The so-called Regulatory Accountability Act jeopardizes critical food safety rules
Food safety rules are the kinds of government regulations that offer vital protections for public health. They are in place to protect the public from the foodborne illness epidemic caused by industrial agriculture, along with other serious issues.
Unfortunately, such protective regulations are severely threatened by a current piece of legislation known formally as the Regulatory Accountability Act (H.R. 5), though more aptly termed the “Unsafe Food Act.” The U.S. House of Representatives has already passed the Unsafe Food Act, which compromises food safety by intentionally creating a roadblock of time-consuming, unnecessary, and unprecedented obstacles to the long-established agency rulemaking process through which public protections are implemented.
Foodborne illness is an epidemic in our country. According to the Centers for Disease Control and Prevention (CDC), every year one in six Americans (around 50 million people) is sickened by foodborne illness from contamination and pathogens in our food supply. Listeria in imported cheese and cantaloupe. Salmonella in peanut butter, imported papayas, dog food, and mangoes. E. coli in lettuce and spinach. The list goes on and on.
More than 125,000 are hospitalized and, tragically, 3,000 will die annually. Among all age groups, children under five are most likely to become ill, most likely to be hospitalized, and most likely to die. Those that recover often suffer severe long‑term effects, such as kidney failure, chronic arthritis, and brain and nerve damage.
And foodborne illness is also a blow to our national economy. The annual costs to the U.S. economy in medical bills and productivity losses alone are over $77 billion. When consumers can’t trust food companies, sales go down and business plummets. Ensuring food safety through regulatory efforts protects consumers and business owners. It is simply smart business to operate under food safety rules to avoid costly foodborne illnesses and ensure consumer trust remains intact.
The foodborne illness crisis is an avoidable and foreseeable symptom of our broken industrial food system and it is clear that until necessary changes happen within that system, food safety rules are imperative to protect consumers. To address the foodborne illness epidemic, Congress passed the Food Safety Modernization Act (FSMA) with bipartisan support in 2011, giving the Food and Drug Administration (FDA) substantially improved protective authority. It transformed the FDA’s approach – instead of merely responding to outbreaks, the agency could prevent them.
FSMA requires food facilities to evaluate hazards, implement and monitor effective measures to prevent contamination, and have a plan to take corrective actions. It also requires FDA to establish science-based standards for safe food production to minimize the risk of serious illnesses or death. And, it provides FDA with new enforcement and inspection powers, the authority to suspend facilities from distributing food, to mandate recalls, and to require that imported foods comply with U.S. inspection and preventive safety standards.
Yet without FDA implementing the act, FSMA could not take effect; and the agency missed all of the deadlines Congress had set for the urgently needed rules. Because CFS’s fundamental mission is to empower people, support farmers, and protect the planet by addressing the health and environmental harms of industrial food production and promoting and protecting more sustainable alternatives, it was CFS litigation that eventually forced the agency to complete the rules by court-ordered deadlines. The last FSMA rule was completed on time, just last year.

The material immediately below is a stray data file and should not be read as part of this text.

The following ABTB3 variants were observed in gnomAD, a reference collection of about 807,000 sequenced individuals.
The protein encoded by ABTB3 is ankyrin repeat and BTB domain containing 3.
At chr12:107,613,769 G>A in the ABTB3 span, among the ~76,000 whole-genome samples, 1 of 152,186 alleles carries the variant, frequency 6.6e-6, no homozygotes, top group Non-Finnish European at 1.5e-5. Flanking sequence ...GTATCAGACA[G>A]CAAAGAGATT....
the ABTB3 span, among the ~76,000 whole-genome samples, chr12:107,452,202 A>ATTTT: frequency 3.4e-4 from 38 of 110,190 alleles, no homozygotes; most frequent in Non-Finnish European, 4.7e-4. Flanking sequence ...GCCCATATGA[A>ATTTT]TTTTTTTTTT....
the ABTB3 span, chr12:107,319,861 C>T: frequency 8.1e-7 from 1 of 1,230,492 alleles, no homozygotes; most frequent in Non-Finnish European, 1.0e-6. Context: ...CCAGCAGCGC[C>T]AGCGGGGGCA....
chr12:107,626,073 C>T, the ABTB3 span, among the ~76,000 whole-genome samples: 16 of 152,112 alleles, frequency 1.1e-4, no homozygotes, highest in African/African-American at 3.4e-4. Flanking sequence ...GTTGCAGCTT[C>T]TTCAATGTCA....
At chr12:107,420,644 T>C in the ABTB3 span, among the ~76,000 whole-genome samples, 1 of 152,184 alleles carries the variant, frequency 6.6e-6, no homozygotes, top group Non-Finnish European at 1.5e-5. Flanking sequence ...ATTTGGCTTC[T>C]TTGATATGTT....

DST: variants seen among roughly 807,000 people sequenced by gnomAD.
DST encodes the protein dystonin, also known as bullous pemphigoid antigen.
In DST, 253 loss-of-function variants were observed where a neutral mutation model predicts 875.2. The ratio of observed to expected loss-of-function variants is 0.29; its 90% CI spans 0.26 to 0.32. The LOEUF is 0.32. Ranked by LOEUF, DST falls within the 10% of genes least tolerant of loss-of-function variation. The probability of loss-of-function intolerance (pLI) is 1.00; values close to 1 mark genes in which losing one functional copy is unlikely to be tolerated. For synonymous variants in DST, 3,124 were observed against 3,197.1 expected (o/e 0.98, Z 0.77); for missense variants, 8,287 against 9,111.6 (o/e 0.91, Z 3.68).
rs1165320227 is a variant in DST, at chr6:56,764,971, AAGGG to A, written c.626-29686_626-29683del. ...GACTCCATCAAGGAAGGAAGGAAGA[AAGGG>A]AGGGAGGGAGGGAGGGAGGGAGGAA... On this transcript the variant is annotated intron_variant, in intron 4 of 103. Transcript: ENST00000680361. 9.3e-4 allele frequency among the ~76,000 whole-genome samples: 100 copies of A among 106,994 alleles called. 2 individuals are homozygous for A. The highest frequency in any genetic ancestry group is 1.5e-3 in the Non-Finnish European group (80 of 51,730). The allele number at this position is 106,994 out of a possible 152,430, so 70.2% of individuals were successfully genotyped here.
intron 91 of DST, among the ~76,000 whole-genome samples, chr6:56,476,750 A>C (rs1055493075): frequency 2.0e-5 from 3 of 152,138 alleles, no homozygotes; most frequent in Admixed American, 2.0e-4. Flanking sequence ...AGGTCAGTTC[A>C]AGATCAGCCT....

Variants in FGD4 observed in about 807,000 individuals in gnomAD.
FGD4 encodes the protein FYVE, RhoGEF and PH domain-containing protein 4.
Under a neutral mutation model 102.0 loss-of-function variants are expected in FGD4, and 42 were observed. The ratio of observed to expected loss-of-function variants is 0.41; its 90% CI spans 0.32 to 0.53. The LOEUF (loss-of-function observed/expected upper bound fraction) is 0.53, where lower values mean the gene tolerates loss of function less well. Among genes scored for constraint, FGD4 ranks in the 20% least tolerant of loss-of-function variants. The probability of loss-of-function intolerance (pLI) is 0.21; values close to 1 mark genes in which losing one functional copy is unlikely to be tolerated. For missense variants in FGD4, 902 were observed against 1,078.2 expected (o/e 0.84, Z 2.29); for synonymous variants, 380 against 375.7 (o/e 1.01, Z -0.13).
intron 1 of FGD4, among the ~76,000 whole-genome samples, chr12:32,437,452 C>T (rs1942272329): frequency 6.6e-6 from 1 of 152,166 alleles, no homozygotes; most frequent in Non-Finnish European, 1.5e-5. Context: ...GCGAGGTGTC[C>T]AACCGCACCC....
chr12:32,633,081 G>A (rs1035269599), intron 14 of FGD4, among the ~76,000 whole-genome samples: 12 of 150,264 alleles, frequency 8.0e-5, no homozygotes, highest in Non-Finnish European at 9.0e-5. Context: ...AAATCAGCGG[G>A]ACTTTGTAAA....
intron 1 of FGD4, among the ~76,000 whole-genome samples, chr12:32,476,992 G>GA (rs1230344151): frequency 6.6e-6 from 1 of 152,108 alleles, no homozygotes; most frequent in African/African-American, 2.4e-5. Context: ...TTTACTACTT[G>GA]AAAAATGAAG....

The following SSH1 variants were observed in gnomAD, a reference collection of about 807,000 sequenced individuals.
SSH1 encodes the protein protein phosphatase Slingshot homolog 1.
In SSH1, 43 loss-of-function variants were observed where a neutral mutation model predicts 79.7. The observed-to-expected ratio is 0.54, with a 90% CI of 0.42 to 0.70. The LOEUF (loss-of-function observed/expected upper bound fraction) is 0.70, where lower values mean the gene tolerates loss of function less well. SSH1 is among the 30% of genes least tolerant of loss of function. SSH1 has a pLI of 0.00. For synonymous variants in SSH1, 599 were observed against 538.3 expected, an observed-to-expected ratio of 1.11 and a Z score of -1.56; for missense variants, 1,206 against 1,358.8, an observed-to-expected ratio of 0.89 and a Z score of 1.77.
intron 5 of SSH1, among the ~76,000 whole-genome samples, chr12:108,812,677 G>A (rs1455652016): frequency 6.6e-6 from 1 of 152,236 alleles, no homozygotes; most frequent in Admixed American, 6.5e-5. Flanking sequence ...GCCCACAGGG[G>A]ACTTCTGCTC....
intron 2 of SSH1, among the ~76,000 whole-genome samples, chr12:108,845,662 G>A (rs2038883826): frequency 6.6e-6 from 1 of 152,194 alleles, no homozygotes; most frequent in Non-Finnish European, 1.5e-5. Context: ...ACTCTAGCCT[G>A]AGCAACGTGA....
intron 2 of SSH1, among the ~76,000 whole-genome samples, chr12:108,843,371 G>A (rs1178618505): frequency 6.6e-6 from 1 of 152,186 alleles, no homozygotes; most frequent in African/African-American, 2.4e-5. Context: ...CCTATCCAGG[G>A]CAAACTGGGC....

But the new FSMA regulations are not the end of the story; they are just the beginning. In order to save lives and protect our food, our food safety rules must continue to be able to be adjusted to address new threats to the food supply – be it new pathogens, bio-terrorism, contaminated foreign imports, or disease-resistant superbugs.
If the Unsafe Food Act passes, those agencies entrusted with protecting the American public’s health will be hamstrung, unable to do so. The bill would cause needless delays and expenses to the rulemaking process. It would create new, unwieldy, and time-consuming processes, and new burdens of proof for agencies. It would make agencies consider factors that go beyond protecting the public health, safety, or the environment, with business interests trumping all other considerations.
It would take authority away from the expert scientific agencies and give it to the politicized White House. Essentially, the bill would empower those who oppose any regulation to effectively stop any efforts to adopt important new health and safety standards.
And worse, foodborne illness prevention is but one example of how public health would be impacted. The bill would likely stop new rules from requiring food labeling, regulating pesticides, cleaning up chemicals contaminating our water supply, addressing climate change, protecting children from toxic toys, you name it – any and all government actions in the public interest will be significantly hampered in the same way.
All of us who eat, who care about our children, our public health, and our long-term economic well-being and agricultural economy, should strongly oppose the so-called Regulatory Accountability Act. This bill would take America in the wrong direction and put children, families, and businesses at risk. We strongly oppose H.R. 5, the Unsafe Food Act, and you should, too!